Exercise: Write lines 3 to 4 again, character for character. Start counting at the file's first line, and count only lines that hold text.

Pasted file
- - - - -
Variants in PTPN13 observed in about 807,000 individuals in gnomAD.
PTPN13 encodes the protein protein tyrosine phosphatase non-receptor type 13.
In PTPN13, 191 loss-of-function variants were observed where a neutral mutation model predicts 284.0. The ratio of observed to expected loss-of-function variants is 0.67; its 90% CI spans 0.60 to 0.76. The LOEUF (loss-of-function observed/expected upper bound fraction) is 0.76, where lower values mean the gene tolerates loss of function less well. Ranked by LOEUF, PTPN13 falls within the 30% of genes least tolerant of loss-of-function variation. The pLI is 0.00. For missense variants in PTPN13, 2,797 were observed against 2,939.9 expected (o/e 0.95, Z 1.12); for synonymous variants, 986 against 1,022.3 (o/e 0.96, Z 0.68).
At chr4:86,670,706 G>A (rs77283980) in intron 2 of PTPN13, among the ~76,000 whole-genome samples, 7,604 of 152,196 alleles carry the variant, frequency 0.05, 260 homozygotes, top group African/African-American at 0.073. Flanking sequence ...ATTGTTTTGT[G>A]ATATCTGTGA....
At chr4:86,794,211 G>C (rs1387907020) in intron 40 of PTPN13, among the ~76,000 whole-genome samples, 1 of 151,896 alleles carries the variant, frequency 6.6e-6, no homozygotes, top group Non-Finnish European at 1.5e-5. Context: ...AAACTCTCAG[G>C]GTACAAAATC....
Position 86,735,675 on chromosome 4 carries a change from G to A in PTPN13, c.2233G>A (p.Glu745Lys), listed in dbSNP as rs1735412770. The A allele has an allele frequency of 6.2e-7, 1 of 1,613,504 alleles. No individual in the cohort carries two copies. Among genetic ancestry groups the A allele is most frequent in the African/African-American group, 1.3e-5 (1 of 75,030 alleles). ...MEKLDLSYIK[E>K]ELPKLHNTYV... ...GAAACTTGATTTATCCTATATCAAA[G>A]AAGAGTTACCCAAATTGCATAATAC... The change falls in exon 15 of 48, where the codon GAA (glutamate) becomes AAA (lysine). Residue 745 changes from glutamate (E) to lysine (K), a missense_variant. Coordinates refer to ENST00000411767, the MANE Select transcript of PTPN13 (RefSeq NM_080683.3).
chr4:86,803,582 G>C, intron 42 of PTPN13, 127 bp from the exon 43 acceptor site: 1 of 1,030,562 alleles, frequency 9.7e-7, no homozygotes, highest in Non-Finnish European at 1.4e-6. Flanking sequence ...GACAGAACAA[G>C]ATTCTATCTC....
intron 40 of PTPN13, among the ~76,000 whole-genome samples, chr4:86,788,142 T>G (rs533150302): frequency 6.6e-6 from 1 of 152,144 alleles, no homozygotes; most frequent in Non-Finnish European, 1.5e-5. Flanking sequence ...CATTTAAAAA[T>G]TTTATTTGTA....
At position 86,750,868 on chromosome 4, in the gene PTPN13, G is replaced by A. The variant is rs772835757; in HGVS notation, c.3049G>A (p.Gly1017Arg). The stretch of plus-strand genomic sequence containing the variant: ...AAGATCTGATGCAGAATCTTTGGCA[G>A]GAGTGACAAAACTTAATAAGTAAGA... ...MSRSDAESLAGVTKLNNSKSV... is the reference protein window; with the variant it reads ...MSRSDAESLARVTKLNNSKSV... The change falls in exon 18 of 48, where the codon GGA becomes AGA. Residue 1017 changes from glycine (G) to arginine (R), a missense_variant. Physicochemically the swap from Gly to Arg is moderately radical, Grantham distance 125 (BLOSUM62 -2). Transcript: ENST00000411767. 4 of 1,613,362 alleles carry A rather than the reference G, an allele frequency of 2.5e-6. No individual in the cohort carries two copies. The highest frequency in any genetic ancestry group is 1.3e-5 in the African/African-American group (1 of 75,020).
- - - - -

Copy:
In PTPN13, 191 loss-of-function variants were observed where a neutral mutation model predicts 284.0. The ratio of observed to expected loss-of-function variants is 0.67; its 90% CI spans 0.60 to 0.76. The LOEUF (loss-of-function observed/expected upper bound fraction) is 0.76, where lower values mean the gene tolerates loss of function less well. Ranked by LOEUF, PTPN13 falls within the 30% of genes least tolerant of loss-of-function variation. The pLI is 0.00. For missense variants in PTPN13, 2,797 were observed against 2,939.9 expected (o/e 0.95, Z 1.12); for synonymous variants, 986 against 1,022.3 (o/e 0.96, Z 0.68).
At chr4:86,670,706 G>A (rs77283980) in intron 2 of PTPN13, among the ~76,000 whole-genome samples, 7,604 of 152,196 alleles carry the variant, frequency 0.05, 260 homozygotes, top group African/African-American at 0.073. Flanking sequence ...ATTGTTTTGT[G>A]ATATCTGTGA....